Imagine you’re an entrepreneur. You come up with a revolutionary idea. And that idea is called Glycemion, a mobile application for measuring blood sugar without the use of an invasive method. The app calculates a user’s most probable glycemic index easily, with the help of the foods you’ve ingested and the calories that are consumed through physical activity.
Say you had the necessary funds and you hired an exceptional team. Say you went through all the phases of building a mobile product. It’s almost time to launch Glycemion and you’re eager to know what the public opinion is. But how should you get feedback? What’s that process called?
It is called beta testing and it will make the difference between your app and your competitors’ app.
But you skipped this part of the lesson and you did not do any beta testing. You thought your testers found all the bugs; you thought your developers presented you with a perfectly valid product. You never found out how the end-user reacted to Glycemion.
What happens when you don’t do beta testing?
Beta testing is all about getting feedback from the audience. Staying away from beta testing means you will not be able to analyze any possible reactions, be they positive or negative. The actual launch and introduction to the App Store usually means the application is working properly. However, if some bugs or tiny errors were missed during the classical testing process, there is no way of acknowledging them if the beta phase is not integrated in the entire process.
How useful is Glycemion to the end-user? Can they live without it? Or is it vital?
How does Glycemion stand aside from other apps that measure blood sugar levels? Does it have an exceptional charging time? Does it have any innovative feature? Or maybe an unusual design that pleasantly surprises potential users?
Technical details aside, without a beta testing program, a mobile product creator cannot evaluate which communication channels would be most profitable to use. In the same sense, one is not capable of discovering what the right audience is. The latter is directly linked to geographical factors, language or even user background. It is only ideal to think that Glycemion is the sort of application that addresses any type of user, regardless of other details. Too few mobile products resolve this issue along the development road.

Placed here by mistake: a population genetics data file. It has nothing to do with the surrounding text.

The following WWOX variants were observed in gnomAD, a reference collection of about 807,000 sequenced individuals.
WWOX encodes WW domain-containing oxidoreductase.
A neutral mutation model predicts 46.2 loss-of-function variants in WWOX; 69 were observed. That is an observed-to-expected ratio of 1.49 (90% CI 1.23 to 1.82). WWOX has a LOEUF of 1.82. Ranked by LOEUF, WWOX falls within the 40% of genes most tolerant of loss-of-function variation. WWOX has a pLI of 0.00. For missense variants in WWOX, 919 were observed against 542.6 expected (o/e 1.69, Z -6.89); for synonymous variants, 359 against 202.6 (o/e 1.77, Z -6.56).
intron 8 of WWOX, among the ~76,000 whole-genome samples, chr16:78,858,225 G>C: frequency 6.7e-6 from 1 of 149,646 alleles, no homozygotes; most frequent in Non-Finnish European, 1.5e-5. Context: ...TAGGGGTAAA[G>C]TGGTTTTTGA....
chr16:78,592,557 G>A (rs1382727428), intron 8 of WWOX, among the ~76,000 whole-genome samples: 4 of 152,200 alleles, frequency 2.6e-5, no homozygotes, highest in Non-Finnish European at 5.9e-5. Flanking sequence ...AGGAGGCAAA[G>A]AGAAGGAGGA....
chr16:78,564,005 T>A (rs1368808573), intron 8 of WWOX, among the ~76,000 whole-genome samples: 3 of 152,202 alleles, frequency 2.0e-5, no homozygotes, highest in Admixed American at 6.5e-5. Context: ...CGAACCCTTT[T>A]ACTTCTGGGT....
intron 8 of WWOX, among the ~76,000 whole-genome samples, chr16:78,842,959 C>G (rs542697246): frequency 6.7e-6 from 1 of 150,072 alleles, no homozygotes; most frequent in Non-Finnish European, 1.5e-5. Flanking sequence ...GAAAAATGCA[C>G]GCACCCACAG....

Understanding beta testing
Beta testing is the second part of a testing process, where a product that is more or less finite is presented to an audience, in order to analyze its reactions. While alpha deals with the actual unit, component and overall system testing, beta is regarded as the pre-release testing.
What types of beta testing are there?
There currently exist two types of beta testing. The open beta option means that a pre-launch version of the product is released to a limited number of individuals, that are in no way directly linked to the team that has designed the product. The closed beta version implies using two types of testers: employees from the mobile development company (these should not be members of the developing team) and/or potential clients that go through a detailed screening process (which is why the number of testers in the case of closed beta is often quite limited).
The main advantage to using an open beta testing program is that the feedback is genuine, regardless of personal preferences. On the other hand, feedback can sometimes be mixed, depending on the beta testers and their capacities. If they’ve formerly gone through other beta testing processes, they will provide a clear and concise feedback. If they have not, reactions could be confusing. Largely known companies like Apple employ public beta plans and the latest example in this sense is the launch of the new Mac OS X Yosemite Beta.